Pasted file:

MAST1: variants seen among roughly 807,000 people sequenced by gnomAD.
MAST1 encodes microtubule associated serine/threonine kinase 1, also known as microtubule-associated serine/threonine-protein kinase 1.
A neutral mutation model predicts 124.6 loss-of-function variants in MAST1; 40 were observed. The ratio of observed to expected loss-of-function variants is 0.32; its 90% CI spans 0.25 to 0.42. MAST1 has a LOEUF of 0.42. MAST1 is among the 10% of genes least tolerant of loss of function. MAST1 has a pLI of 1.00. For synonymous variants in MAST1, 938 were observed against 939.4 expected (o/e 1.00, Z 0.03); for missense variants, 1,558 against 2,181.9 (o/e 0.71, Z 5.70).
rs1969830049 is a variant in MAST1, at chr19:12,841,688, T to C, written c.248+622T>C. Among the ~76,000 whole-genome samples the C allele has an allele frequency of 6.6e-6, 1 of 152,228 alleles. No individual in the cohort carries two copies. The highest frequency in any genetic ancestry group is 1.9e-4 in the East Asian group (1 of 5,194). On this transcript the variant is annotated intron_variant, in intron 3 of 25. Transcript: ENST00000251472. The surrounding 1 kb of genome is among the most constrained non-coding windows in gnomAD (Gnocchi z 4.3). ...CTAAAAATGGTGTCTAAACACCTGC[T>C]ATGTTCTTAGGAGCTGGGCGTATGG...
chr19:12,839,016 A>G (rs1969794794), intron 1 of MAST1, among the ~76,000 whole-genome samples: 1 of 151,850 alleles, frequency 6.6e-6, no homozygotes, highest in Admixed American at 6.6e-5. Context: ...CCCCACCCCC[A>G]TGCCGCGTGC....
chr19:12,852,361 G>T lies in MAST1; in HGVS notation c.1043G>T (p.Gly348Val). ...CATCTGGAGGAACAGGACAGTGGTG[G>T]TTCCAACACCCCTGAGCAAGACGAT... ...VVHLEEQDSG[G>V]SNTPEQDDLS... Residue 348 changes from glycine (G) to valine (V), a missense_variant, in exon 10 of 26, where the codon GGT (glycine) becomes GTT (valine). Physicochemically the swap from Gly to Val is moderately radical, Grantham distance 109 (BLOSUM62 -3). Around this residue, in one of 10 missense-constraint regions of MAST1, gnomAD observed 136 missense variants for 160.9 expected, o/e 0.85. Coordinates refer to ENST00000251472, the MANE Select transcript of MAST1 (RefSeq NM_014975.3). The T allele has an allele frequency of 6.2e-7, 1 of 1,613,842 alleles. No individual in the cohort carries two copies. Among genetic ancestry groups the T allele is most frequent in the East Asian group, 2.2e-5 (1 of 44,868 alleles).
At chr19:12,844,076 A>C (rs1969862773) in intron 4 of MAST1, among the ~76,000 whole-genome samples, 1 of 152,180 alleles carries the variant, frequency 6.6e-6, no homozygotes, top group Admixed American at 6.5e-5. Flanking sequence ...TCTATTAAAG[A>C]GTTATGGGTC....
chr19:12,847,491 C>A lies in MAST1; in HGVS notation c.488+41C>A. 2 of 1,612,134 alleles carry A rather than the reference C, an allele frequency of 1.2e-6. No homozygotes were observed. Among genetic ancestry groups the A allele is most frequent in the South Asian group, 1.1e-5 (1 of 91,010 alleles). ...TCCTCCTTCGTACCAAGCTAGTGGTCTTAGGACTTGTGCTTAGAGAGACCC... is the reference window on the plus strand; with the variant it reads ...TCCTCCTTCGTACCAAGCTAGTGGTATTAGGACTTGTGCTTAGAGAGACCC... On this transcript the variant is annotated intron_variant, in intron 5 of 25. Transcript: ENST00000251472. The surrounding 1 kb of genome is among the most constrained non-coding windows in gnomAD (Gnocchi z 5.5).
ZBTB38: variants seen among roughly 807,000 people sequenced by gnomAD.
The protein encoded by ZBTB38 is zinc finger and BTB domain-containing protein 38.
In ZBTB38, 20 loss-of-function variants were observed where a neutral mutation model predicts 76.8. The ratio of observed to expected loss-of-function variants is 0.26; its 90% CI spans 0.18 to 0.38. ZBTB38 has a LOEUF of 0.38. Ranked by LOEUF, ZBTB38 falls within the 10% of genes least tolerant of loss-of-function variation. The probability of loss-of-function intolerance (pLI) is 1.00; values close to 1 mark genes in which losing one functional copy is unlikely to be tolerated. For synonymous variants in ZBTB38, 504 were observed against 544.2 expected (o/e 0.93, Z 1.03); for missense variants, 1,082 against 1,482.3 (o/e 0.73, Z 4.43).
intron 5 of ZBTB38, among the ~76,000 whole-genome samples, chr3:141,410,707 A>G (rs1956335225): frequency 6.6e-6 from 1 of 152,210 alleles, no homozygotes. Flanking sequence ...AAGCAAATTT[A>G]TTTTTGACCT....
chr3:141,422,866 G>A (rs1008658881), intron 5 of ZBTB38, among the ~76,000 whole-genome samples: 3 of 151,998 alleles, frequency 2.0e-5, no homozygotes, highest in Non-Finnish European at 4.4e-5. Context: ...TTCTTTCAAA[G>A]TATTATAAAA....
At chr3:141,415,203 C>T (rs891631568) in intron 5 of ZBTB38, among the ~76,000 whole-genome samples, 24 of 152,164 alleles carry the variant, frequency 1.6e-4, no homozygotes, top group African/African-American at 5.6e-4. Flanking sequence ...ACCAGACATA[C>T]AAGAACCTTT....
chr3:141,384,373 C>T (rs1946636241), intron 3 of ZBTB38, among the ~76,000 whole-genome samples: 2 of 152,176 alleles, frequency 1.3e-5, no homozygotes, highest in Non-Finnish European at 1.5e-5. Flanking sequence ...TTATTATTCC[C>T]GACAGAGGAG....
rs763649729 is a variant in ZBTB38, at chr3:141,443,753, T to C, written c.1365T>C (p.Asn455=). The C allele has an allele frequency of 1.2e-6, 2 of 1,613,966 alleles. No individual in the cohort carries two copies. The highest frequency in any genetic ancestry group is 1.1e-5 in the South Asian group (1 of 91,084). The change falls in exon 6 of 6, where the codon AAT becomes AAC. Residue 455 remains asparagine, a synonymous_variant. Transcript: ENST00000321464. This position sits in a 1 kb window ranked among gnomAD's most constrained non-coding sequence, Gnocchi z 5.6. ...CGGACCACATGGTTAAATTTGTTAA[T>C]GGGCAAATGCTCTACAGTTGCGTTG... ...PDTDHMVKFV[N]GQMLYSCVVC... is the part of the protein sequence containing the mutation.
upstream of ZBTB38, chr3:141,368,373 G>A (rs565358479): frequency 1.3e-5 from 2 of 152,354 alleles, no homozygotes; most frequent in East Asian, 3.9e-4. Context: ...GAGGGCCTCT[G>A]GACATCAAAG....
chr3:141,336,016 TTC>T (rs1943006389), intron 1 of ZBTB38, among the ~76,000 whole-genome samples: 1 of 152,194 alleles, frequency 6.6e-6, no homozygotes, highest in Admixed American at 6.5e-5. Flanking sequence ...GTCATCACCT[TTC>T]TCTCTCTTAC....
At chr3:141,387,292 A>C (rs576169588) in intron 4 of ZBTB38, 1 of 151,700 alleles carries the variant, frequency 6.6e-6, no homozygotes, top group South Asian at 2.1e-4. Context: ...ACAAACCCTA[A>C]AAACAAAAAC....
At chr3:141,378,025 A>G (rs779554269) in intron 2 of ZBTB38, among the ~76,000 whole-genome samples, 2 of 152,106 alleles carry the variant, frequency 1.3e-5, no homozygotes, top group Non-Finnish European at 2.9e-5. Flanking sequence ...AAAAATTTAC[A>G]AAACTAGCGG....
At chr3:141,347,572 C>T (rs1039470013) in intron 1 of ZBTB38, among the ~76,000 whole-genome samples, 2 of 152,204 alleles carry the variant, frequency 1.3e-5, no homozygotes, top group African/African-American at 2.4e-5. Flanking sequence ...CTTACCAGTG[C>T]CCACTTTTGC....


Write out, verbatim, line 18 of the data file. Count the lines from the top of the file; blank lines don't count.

chr3:141,336,016 TTC>T (rs1943006389), intron 1 of ZBTB38, among the ~76,000 whole-genome samples: 1 of 152,194 alleles, frequency 6.6e-6, no homozygotes, highest in Admixed American at 6.5e-5. Flanking sequence ...GTCATCACCT[TTC>T]TCTCTCTTAC....